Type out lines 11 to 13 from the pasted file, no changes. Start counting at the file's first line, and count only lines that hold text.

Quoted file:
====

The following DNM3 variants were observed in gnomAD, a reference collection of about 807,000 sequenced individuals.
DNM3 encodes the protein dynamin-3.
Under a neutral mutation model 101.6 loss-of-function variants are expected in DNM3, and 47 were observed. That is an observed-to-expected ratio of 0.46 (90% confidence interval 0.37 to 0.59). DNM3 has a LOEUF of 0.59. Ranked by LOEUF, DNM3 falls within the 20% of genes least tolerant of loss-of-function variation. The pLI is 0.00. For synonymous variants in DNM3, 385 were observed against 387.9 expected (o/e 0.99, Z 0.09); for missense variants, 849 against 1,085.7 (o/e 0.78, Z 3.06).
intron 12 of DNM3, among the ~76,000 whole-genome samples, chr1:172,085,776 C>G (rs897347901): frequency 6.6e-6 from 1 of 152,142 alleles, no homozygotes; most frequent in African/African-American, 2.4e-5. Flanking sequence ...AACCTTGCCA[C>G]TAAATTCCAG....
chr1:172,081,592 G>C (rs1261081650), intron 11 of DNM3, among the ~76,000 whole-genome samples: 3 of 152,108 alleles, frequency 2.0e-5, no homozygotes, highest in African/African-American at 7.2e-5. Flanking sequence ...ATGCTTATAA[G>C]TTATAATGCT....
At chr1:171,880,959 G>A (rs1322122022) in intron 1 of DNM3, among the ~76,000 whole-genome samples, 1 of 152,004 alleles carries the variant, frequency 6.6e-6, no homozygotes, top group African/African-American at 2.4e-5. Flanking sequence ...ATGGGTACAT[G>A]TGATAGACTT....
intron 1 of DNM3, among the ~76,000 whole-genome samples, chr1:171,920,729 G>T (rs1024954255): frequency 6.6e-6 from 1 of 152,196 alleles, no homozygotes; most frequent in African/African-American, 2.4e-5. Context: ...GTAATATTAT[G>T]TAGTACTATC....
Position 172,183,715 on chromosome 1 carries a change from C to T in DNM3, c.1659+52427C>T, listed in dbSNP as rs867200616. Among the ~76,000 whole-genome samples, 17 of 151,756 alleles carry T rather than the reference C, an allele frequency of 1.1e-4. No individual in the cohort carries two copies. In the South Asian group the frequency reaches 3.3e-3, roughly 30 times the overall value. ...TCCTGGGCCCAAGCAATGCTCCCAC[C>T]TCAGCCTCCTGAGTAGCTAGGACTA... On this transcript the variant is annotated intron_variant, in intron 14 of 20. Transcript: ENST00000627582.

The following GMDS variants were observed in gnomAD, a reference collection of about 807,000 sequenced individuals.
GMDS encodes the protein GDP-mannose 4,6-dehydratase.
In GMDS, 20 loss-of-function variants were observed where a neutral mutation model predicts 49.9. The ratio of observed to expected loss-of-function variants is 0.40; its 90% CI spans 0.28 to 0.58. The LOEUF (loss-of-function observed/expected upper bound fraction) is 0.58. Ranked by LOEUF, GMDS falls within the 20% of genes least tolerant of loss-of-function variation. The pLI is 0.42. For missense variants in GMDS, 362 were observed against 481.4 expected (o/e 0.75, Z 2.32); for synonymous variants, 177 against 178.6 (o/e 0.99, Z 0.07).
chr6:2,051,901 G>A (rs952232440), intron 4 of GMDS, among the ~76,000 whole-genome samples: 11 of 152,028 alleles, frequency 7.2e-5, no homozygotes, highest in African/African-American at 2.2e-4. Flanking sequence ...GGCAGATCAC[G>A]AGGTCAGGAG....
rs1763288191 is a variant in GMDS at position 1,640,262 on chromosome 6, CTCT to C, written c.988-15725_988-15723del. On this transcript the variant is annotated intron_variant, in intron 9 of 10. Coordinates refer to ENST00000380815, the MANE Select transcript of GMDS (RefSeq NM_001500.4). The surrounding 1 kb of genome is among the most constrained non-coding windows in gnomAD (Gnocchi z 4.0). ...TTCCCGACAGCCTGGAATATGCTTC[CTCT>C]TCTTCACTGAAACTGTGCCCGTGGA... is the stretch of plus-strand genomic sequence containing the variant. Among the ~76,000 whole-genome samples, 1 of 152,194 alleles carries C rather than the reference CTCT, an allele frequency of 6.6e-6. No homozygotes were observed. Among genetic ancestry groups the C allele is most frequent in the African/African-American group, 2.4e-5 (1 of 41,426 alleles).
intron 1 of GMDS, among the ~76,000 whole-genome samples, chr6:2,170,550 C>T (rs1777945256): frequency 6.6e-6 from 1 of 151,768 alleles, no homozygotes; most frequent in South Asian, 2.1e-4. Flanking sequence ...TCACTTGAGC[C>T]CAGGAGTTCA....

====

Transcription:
In GMDS, 20 loss-of-function variants were observed where a neutral mutation model predicts 49.9. The ratio of observed to expected loss-of-function variants is 0.40; its 90% CI spans 0.28 to 0.58. The LOEUF (loss-of-function observed/expected upper bound fraction) is 0.58. Ranked by LOEUF, GMDS falls within the 20% of genes least tolerant of loss-of-function variation. The pLI is 0.42. For missense variants in GMDS, 362 were observed against 481.4 expected (o/e 0.75, Z 2.32); for synonymous variants, 177 against 178.6 (o/e 0.99, Z 0.07).
chr6:2,051,901 G>A (rs952232440), intron 4 of GMDS, among the ~76,000 whole-genome samples: 11 of 152,028 alleles, frequency 7.2e-5, no homozygotes, highest in African/African-American at 2.2e-4. Flanking sequence ...GGCAGATCAC[G>A]AGGTCAGGAG....
rs1763288191 is a variant in GMDS at position 1,640,262 on chromosome 6, CTCT to C, written c.988-15725_988-15723del. On this transcript the variant is annotated intron_variant, in intron 9 of 10. Coordinates refer to ENST00000380815, the MANE Select transcript of GMDS (RefSeq NM_001500.4). The surrounding 1 kb of genome is among the most constrained non-coding windows in gnomAD (Gnocchi z 4.0). ...TTCCCGACAGCCTGGAATATGCTTC[CTCT>C]TCTTCACTGAAACTGTGCCCGTGGA... is the stretch of plus-strand genomic sequence containing the variant. Among the ~76,000 whole-genome samples, 1 of 152,194 alleles carries C rather than the reference CTCT, an allele frequency of 6.6e-6. No homozygotes were observed. Among genetic ancestry groups the C allele is most frequent in the African/African-American group, 2.4e-5 (1 of 41,426 alleles).